Faculty committee uncovers two salary discrepancies

Members of the subcommittee on gender and salary equity have found evidence of a gender discrepancy in the salaries of Williams professors.

Specifically, a complex statistical model has revealed that veteran male professors – those who have worked at the College for more than 15 years – are making significantly more than would be expected.

Associate Professor of Biology Heather Williams said the College formed the subcommittee of the faculty compensation committee last year to investigate the possibility of a gender discrepancy among the academic departments similar to a discrepancy discovered in the athletic department.

Professor Williams said last year the administration learned that coaches of men’s sports teams earn more than coaches of women’s sports teams, and thus decided to investigate whether or not there were similar inequities in the professors’s salaries.

Williams, who is one of the four members of the gender and salary equity subcommittee, said the committee was formed despite the initial reluctance of the administration to supply faculty salary data.

“Eventually, [the administration] decided that it would be in everybody’s best interest to [supply faculty data],” Williams said.

Dean of the Faculty David L. Smith said originally the administration was concerned about releasing the salaries, but trusted the faculty and the subcommittee members.

“The vast majority of the faculty is committed to confidentiality,” Smith said. “Because the subcommittee is elected it’s appropriate for it to look at the data. We have no problem trusting the committee.”

Associate Professor of Mathematics Richard De Veaux presented the committee’s findings and recommendations at a faculty meeting on September 16.

De Veaux explained the process the committee used to analyze faculty salaries. He said the first task of the committee was to create a model of the faculty salaries that could be used to predict individual salaries. Such variables as department, year of Ph.D., and whether or not the faculty member came to Williams with tenure were factored into the model.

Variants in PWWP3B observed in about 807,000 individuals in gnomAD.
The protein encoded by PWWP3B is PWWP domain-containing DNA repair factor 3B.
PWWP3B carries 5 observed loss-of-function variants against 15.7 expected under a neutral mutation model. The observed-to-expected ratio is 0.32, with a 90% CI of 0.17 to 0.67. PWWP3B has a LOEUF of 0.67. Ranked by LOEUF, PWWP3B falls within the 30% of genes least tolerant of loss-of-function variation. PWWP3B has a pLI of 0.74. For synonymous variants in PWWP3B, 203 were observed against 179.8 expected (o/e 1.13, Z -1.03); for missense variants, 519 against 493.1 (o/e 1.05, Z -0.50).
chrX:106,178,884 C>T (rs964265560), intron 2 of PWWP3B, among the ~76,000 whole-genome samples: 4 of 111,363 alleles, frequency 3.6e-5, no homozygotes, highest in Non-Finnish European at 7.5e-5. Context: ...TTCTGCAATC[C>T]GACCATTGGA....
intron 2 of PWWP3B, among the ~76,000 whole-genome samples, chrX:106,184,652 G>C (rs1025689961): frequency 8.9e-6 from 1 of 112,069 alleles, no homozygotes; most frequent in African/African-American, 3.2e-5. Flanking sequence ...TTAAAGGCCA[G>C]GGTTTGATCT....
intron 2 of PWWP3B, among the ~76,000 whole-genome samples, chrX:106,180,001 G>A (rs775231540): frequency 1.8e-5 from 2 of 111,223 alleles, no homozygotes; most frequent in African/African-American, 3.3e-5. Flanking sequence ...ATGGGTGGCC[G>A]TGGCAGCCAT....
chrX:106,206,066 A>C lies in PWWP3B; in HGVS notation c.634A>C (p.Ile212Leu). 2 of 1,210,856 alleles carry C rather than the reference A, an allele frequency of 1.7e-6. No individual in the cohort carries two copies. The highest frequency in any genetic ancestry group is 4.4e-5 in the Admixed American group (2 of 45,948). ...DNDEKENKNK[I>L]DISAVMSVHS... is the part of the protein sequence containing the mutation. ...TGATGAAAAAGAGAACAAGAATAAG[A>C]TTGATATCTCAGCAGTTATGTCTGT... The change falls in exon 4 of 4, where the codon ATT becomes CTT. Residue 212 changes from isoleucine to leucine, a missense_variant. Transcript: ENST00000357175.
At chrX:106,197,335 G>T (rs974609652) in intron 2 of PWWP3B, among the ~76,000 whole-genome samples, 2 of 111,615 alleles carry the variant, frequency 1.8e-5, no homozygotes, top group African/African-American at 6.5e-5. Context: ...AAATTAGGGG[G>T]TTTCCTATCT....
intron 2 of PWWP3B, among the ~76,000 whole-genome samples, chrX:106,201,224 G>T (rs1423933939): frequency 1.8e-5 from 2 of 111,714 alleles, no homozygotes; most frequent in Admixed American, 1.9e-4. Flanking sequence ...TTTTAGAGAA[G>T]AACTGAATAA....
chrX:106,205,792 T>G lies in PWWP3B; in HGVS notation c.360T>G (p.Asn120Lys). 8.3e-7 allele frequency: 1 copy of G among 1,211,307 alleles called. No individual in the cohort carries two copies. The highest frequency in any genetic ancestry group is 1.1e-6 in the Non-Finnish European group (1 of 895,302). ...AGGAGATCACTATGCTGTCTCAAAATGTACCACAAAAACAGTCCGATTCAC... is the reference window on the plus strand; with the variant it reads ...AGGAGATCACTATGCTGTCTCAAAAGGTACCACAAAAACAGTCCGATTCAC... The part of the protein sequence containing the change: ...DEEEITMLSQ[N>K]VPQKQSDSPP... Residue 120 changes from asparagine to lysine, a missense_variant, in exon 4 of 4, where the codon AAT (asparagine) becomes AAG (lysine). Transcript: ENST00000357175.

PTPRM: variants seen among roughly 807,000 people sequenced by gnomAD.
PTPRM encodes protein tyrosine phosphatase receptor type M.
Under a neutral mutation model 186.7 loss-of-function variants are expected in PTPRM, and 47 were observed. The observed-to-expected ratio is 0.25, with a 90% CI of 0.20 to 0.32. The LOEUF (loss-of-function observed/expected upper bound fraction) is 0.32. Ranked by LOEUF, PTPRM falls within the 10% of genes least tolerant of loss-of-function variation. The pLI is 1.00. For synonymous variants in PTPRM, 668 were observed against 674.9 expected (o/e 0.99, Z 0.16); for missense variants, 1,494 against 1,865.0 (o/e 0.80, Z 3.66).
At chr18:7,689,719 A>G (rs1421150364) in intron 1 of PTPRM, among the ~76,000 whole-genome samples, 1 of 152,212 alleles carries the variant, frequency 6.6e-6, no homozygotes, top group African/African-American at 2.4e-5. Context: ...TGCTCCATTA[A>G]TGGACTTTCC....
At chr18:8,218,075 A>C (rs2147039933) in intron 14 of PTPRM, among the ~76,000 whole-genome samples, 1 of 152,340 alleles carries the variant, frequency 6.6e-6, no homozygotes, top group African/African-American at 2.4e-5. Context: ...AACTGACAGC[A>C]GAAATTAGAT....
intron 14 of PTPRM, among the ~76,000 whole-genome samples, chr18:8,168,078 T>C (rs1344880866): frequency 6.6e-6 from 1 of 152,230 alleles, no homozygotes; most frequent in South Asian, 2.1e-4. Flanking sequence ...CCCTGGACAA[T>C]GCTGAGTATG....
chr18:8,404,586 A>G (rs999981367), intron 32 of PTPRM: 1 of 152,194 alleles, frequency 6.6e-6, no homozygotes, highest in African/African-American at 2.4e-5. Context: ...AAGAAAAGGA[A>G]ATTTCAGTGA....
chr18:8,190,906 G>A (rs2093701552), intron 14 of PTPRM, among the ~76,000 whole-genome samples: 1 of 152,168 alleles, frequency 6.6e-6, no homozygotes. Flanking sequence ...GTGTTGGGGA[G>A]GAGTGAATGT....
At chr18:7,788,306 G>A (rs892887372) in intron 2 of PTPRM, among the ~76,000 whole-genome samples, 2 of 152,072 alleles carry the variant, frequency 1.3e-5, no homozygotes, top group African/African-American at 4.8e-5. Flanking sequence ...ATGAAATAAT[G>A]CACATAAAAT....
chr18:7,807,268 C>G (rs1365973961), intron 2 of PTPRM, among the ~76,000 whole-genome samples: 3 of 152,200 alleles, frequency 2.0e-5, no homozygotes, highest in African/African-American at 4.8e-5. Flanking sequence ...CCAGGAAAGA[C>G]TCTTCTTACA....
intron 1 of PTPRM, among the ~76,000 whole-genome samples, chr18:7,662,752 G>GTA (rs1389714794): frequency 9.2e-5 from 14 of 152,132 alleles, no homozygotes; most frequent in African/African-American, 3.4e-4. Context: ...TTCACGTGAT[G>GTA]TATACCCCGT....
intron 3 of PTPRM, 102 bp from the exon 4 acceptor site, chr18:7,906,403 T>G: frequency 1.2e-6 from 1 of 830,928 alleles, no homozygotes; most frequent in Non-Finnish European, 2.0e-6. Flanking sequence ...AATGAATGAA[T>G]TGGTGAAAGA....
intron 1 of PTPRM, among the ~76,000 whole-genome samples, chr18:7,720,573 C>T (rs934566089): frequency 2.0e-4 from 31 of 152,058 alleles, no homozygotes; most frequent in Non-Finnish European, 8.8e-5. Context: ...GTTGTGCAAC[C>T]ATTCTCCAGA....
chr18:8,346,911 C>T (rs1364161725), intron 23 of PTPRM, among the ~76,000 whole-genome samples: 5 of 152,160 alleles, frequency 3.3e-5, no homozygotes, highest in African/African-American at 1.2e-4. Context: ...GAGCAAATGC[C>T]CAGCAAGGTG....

Analysts then calculated the discrepancy between predicted salaries and actual salaries. De Veaux explained that a positive discrepancy, or residual, implies that a faculty member is earning above the predicted salary after all the relevant factors have been taken into account. Similarly, a negative residual implies a faculty member is earning less than the predicted salary.

The first finding of the subcommittee revealed that there are a group of associate professors who are paid between $4,000 and $6,000 less than other professors of the same rank. De Veaux explained that in the 1980s the administration raised salaries in an effort to adjust Williams salaries to match those at similar colleges. The associate professors were not included in the raises, and a corrective measure put in place a few years ago failed to remedy the situation.

“The problem is [the administration] miscounted our benefits a few years ago,” De Veaux said. “They gave quite large increases to all the faculty, but they gave even larger ones to the full professors. If that compounds over time, the increase difference rises.”

A large proportion of this group of professors was female.

But members of the subcommittee said the high percentage of female professors in this group was coincidental, and should not be interpreted as discrimination.

“(It) in no way should be construed as a case of gender discrimination,” Professor Williams said. “Because that group was substantially depressed it comes out looking as if there’s a gender problem.”

The committee recommended that the administration correct this discrepancy and institute any necessary retroactive changes.

Gender discrepancy

The committee also discovered a difference in the average residuals (the differences between the actual and predicted salaries) of male and female professors. Professor Williams explained that when the average residual of all male salaries was compared to the average residual of all female salaries, the male average residual was approximately $1000 higher.